The Family is about a four-piece Brooklyn mafia family that is moving to Normandy, France, as a part of the FBI witness relocation program. It is written and directed by Luc Besson (with co-writer Michael Caleo), executive produced by Martin Scorsese, and stars Robert De Niro. Frankly, all three of them should have known better. One would think that after decades of making excellent movies (many of which are in the gangster genre) that they could smell a dud but, apparently, that isn’t so. Not every movie works, but most work better than this.
De Niro’s Giovanni Manzoni, an ex-mob boss that ratted out the mafia, leads the family in question. In a series of flashbacks and a few hints here and there, Giovanni seems to be a combination of Vito Corleone (kind and protective—a businessman) and Tommy from Goodfellas (quick-tempered with an awful lot of blood on his hands). His wife (Michelle Pfeiffer), daughter (Dianna Agron), and son (John D’Leo) all follow in his footsteps, and within their first day in Normandy, they torch a grocery store, brutally beat a womanizer with a tennis racket, and plot revenge on the school bullies. Talk about working quickly. Giovanni is also not one for lying low and, in the course of his stay, beats a plumber into submission and tortures a middle manager of a corporation. All the while, the FBI Agent (Tommy Lee Jones) assigned to protect them shakes his head, cursing Giovanni and his family. You can’t teach old dogs new tricks. Old habits die hard. The family that slays together stays together, etc. Clichés abound.
The main problem with the movie (there are several) is that it fails to ever establish a consistent tone. Hopping back and forth between drama, comedy, graphic violence, melodrama, even a quick meta-moment that make absolutely no sense, the movie is about a still as a child with ADD hopped up on caffeine and sugar. There are scenes where the movie wants to show these characters as ruthless psychopaths but tries to inject a little playful humor. In one scene, Giovanni confronts a middle manager only to have him cut him off mid-sentence. The next scene shows the aftermath: Giovanni has tied the man to his car and drug him along the highway for God-knows how long. Giovanni stops the car and calmly explains that he doesn’t like to be interrupted and goes on to explain the problem with his water. De Niro plays the scene for comedy, and had the camera stayed on him; it might have worked. But it doesn’t. It maintains a basic shot-reverse shot with the victim, completely eliminating all humor in the scene as the man is missing large portions of his skin and, in all likelihood, is going into shock and will die. This is merely one of many scenes where I was both repulsed and bored but primarily confused. Just what were they trying to get at here?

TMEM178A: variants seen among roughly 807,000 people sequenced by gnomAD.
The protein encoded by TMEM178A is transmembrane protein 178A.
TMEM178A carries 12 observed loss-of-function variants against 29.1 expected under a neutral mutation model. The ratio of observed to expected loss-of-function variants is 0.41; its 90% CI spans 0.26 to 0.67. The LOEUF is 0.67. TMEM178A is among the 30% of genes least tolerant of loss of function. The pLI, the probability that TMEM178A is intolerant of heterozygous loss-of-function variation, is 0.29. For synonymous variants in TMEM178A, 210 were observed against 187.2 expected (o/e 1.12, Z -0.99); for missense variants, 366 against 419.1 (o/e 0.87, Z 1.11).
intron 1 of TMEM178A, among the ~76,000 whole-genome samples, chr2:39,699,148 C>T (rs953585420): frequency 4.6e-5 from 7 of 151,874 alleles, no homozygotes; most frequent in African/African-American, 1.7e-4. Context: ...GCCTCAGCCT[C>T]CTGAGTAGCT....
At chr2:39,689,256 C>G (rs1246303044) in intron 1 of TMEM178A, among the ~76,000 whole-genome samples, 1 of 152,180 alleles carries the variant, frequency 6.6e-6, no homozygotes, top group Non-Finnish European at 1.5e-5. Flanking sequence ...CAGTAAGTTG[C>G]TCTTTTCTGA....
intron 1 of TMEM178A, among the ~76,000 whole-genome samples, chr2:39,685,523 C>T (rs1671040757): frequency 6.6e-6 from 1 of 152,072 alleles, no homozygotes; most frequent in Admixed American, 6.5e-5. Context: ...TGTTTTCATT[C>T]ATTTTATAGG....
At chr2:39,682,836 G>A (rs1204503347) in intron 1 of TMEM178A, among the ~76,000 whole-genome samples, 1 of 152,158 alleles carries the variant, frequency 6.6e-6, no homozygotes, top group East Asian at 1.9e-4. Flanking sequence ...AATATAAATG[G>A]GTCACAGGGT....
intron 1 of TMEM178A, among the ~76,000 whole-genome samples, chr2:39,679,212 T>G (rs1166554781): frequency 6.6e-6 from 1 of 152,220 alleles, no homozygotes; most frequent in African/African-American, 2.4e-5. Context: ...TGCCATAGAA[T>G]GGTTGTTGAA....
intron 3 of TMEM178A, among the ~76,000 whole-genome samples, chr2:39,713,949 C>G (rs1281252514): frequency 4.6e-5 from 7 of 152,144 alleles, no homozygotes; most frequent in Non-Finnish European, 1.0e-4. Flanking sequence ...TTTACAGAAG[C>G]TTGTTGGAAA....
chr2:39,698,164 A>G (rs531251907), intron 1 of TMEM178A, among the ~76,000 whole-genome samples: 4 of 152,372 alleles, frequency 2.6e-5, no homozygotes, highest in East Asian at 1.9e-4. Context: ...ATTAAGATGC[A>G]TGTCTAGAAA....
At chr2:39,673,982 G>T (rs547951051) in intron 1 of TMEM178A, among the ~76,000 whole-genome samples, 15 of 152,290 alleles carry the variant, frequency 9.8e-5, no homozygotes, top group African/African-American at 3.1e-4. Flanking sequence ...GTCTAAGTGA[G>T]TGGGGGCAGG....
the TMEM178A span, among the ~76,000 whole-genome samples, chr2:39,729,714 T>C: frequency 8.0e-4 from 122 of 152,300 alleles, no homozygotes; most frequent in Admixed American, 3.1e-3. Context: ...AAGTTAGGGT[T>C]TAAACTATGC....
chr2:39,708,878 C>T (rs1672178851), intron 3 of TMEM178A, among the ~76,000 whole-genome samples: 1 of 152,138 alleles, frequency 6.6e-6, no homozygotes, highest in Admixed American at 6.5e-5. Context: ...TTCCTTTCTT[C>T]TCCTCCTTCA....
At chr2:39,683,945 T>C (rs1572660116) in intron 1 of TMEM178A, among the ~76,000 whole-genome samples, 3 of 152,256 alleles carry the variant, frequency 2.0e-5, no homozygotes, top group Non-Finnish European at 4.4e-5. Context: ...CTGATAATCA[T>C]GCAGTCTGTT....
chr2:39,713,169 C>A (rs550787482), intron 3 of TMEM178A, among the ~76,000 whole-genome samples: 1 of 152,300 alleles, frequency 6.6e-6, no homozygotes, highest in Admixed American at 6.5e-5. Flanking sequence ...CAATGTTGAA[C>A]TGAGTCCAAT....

Earlier this summer, I watched a forgotten film from the 70s, Pocket Money. The movie was forgotten for very good reasons but starred Paul Newman and Lee Marvin, who are always good. I felt they deserved better. I feel the same way about Robert De Niro and Tommy Lee Jones. Both are phenomenal actors who simply deserve better. It might have started with the script, which might be set in the late 90s, possibly the turn of the century; regardless, it feels like it was written in the late 90s and has been gathering dust ever since. Maybe another pass could have helped it. Maybe a pass altogether could have helped. On paper, it sure looks like a movie: good cast, decent concept, and backed by real talent. Too bad it all went wonky on the way to the screen. I really could have done something else with those two hours.
The Family (2013)
Directed By: Luc Besson
Written By: Luc Besson & Michael Caleo based on the book by Tonino Benacquista
Produced By: Luc Besson, Ryan Kavanaugh, Virginie Silla
Starring: Robert De Niro, Michelle Pfeiffer, Dianna Agron, John D’Leo, Tommy Lee Jones
Relativity Media, Running time 110 minutes, Rated R, Released September 13, 2013.
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